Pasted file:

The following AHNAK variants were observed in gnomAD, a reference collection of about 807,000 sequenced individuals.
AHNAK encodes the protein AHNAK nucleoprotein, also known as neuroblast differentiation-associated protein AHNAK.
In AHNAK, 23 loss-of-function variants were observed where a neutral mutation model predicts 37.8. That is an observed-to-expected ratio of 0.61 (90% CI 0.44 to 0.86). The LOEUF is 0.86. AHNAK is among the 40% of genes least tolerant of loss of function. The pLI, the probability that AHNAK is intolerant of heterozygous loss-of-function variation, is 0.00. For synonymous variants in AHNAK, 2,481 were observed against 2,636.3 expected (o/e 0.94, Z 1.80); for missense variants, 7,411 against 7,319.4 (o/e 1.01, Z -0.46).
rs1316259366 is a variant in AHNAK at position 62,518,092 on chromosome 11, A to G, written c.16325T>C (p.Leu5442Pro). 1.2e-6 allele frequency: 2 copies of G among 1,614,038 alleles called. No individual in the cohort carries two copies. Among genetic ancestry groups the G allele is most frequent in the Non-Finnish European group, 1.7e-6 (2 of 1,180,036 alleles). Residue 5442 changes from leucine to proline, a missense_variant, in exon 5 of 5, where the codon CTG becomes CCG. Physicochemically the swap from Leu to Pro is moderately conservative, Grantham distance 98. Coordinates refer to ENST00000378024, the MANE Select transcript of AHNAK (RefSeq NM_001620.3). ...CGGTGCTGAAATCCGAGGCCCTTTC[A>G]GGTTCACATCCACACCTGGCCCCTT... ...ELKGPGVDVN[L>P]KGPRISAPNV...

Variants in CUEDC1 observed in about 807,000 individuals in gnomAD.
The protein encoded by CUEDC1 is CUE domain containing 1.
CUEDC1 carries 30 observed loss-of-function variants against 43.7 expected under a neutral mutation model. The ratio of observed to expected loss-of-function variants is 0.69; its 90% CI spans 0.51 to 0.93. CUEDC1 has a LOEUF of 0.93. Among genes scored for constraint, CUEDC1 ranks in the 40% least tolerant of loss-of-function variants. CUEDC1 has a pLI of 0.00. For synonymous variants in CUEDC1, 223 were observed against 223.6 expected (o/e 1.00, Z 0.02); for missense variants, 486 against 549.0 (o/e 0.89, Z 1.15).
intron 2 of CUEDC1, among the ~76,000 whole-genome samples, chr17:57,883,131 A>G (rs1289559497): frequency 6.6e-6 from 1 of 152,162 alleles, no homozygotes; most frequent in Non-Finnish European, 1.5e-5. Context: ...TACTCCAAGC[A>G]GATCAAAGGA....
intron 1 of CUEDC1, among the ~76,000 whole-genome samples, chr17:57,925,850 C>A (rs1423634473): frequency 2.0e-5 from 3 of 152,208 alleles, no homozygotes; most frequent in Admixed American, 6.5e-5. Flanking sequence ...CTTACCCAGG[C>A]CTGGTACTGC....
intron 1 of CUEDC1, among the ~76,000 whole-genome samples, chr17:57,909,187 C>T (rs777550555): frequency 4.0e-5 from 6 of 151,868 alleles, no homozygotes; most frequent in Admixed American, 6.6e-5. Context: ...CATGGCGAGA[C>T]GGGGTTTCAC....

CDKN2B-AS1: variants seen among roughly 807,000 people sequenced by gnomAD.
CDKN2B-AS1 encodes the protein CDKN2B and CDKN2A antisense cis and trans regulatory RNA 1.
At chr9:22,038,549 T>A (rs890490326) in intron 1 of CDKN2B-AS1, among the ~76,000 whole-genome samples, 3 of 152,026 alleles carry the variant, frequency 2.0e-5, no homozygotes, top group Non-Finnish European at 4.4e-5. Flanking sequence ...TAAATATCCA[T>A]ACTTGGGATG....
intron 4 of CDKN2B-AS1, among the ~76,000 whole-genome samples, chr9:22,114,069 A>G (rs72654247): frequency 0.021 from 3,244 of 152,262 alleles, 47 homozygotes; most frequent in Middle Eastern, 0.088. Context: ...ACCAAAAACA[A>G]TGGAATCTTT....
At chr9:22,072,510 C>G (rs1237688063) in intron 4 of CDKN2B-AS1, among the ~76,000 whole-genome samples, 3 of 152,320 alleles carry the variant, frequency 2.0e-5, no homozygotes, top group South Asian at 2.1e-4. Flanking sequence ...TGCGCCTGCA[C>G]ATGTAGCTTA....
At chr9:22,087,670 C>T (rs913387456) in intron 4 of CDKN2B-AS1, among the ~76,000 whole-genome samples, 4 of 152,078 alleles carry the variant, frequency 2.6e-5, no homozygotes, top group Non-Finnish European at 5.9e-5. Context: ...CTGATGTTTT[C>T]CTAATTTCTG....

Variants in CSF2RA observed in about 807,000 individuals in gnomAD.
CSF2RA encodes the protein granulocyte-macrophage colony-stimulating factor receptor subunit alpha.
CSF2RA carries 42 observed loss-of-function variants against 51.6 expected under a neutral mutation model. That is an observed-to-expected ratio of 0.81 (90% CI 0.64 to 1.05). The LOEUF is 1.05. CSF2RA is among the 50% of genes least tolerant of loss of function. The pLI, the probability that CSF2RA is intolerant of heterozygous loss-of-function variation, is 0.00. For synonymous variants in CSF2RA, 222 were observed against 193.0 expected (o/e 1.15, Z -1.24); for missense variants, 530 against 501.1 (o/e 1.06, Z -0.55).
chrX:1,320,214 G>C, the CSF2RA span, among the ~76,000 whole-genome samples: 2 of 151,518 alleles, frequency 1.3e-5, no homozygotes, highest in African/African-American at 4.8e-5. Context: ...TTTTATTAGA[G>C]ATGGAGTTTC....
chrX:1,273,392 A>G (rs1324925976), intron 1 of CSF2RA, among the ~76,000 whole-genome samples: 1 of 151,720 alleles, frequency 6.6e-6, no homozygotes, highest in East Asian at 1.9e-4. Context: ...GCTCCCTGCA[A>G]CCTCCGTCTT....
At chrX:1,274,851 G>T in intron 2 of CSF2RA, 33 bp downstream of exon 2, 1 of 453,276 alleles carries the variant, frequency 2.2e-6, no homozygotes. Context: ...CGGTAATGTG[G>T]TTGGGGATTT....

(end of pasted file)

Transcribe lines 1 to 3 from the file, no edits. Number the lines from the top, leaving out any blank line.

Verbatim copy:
The following AHNAK variants were observed in gnomAD, a reference collection of about 807,000 sequenced individuals.
AHNAK encodes the protein AHNAK nucleoprotein, also known as neuroblast differentiation-associated protein AHNAK.
In AHNAK, 23 loss-of-function variants were observed where a neutral mutation model predicts 37.8. That is an observed-to-expected ratio of 0.61 (90% CI 0.44 to 0.86). The LOEUF is 0.86. AHNAK is among the 40% of genes least tolerant of loss of function. The pLI, the probability that AHNAK is intolerant of heterozygous loss-of-function variation, is 0.00. For synonymous variants in AHNAK, 2,481 were observed against 2,636.3 expected (o/e 0.94, Z 1.80); for missense variants, 7,411 against 7,319.4 (o/e 1.01, Z -0.46).